UK and European equity markets moved lower on Tuesday (23 February), as a renewed decline in oil prices and concerns surrounding the outcome of Britain's European Union referendum added to the ongoing market volatility.
London's FTSE 100 closed down 1.25% to 5,952.31, followed in the red by its European counterparts, as Germany's Dax and France's CAC 40 fell 1.64% and 1.40% respectively, while the Pan European Stoxx 600 lost 1.22%.
Oil prices erased the previous session's gains and fell sharply, with Brent crude tumbling 3.50% to $33.52 (£23.75, €30.39) a barrel, while West Texas Intermediate lost 4.51% to $31.95 a barrel.
"The recent momentum of the recovery has run its course and markets are in need of something else to get their teeth into to the drive us further north, or send us back south," said Michael Van Dulken, head of research at Accendo Markets. "A pullback by oil and industrial commodities from key technical levels is sapping risk appetite."
Among FTSE 100 stocks, Standard Chartered shares plunged after the bank reported a surprise $1.5bn full year loss over 2015. The Asia-focused bank said that it sunk into a loss as unexpected expenses soared.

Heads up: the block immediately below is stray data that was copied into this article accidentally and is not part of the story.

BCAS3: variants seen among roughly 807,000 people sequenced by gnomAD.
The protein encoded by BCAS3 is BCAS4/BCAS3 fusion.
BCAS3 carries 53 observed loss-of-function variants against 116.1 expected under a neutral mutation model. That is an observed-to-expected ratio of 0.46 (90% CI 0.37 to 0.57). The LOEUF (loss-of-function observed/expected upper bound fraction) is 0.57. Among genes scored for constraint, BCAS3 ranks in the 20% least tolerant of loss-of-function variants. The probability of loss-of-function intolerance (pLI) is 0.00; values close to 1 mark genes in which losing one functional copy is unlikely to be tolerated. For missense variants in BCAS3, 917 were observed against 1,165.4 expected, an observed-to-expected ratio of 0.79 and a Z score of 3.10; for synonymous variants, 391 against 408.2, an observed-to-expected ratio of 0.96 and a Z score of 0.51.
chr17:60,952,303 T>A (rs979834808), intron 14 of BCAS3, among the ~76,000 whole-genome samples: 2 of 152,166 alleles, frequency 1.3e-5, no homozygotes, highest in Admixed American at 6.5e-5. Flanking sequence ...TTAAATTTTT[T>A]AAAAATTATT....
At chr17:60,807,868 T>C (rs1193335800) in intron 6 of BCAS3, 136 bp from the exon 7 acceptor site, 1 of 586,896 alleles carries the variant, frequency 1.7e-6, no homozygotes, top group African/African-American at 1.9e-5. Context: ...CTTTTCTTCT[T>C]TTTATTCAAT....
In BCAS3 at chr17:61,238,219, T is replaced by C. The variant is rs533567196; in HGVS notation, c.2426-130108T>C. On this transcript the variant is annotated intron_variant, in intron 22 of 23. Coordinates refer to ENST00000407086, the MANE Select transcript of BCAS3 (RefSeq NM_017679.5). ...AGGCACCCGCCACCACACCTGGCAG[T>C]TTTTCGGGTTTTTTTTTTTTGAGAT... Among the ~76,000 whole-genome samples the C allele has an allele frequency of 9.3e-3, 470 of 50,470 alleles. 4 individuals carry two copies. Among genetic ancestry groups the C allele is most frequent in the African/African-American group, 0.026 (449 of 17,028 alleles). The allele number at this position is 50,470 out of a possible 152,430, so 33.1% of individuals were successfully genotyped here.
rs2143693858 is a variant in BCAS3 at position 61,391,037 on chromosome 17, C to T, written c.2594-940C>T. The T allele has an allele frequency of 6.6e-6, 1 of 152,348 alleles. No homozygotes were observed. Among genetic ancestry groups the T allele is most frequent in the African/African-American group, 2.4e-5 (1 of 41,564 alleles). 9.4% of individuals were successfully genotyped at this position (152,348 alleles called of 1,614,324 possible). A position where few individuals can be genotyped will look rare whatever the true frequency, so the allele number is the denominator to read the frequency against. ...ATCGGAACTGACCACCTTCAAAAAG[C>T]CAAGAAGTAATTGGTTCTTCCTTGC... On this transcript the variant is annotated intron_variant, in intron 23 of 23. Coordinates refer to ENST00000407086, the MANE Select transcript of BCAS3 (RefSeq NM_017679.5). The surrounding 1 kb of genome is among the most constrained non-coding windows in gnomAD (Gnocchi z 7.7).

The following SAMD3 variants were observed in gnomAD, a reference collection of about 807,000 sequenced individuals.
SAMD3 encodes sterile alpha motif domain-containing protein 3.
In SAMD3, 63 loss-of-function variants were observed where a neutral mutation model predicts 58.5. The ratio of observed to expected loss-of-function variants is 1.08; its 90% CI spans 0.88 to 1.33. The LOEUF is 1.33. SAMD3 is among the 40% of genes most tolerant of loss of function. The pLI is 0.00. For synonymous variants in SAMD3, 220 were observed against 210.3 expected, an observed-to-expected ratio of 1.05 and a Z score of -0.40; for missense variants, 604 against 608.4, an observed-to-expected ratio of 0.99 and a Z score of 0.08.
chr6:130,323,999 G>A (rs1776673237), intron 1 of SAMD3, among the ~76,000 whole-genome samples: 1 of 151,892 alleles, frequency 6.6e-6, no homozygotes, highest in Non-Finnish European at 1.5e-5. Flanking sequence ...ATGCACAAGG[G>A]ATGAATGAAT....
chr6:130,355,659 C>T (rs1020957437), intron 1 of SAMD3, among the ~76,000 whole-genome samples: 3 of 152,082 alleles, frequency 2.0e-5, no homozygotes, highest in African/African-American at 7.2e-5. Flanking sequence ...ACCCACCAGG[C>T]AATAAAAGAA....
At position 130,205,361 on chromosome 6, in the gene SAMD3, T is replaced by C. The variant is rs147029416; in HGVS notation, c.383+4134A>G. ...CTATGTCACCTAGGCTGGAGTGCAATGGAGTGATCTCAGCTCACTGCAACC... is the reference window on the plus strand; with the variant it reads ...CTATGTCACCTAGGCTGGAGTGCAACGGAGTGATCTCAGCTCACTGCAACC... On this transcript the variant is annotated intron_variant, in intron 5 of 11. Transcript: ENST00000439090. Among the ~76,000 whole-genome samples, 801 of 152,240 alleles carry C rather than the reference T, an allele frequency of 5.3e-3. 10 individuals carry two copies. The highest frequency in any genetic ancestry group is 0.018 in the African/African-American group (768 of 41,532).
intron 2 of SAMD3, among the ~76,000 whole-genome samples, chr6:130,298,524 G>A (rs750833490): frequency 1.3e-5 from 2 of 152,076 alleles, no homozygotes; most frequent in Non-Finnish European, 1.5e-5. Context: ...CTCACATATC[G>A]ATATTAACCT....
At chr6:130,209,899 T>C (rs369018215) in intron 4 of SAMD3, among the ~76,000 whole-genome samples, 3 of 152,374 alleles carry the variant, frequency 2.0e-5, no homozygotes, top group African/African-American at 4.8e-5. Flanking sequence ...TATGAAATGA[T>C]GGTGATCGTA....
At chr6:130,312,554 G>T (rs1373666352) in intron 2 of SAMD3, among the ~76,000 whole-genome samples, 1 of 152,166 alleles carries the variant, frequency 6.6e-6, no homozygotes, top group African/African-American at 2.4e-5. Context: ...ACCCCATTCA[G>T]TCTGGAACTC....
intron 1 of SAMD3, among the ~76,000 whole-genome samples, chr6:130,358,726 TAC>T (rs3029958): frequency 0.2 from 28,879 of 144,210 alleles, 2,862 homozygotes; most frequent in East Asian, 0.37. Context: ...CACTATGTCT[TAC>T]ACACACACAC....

Mining giant BHP Billiton was also among the worst performers on London's blue-chip index after posting its first half-year loss in almost two decades amid the current slump in commodity prices, adding it would slash its interim dividend by 75%.
At the other end of the scale, there was much better news for the London Stock Exchange Group, which saw its shares soar after confirming it was in talks over a potential merger with Deutsche Boerse to create a European global markets infrastructure group.
Housebuilder Persimmon was also on the front foot after reporting a surge in profit over the full year to 31 December 2015, as it benefited from the soaring housebuilding industry in the UK.
Meggitt led the risers on London's second-tier index, after the aerospace and defence firm said its 2015 pre-tax profit edged higher despite a "challenging year" and lifted its dividend. Ladbrokes swung to a full-year loss but the bookmaker remained upbeat over its outlook for 2016 and 2017, indicating it remained on track to complete its proposed merger with sector peer Gala Coral.
Meanwhile, energy group Drax was among the worst performers on the FTSE 250 after reporting its underlying earnings nearly halved from £96m to £46m, while profit before tax tumbled from £166m to just £59m, forcing the company to slash its final dividend from 7.2p per share in 2014 to just 0.2p per share.
FTSE 100 - Top 5 risers
London Stock Exchange Group +14.53%
InterContinental Hotels Group +3.50%
Randgold Resources +2.59%
Provident Financial +2.50%
FTSE 100 - Top 5 fallers
BHP Billiton -6.89%
Standard Chartered -6.89%
Anglo American -6.57%
Aberdeen Asset Management -5.09%
FTSE 250 - Top 5 risers
Wood Group +5.23%
Millennium & Copthorne Hotels +5.20%
FTSE 250 - Top 5 fallers
Drax Group -7.90%
Restaurant Group -5.44%
Unite Group -4.29%
Vedanta Resources -3.95%
Mediclinic International -3.93%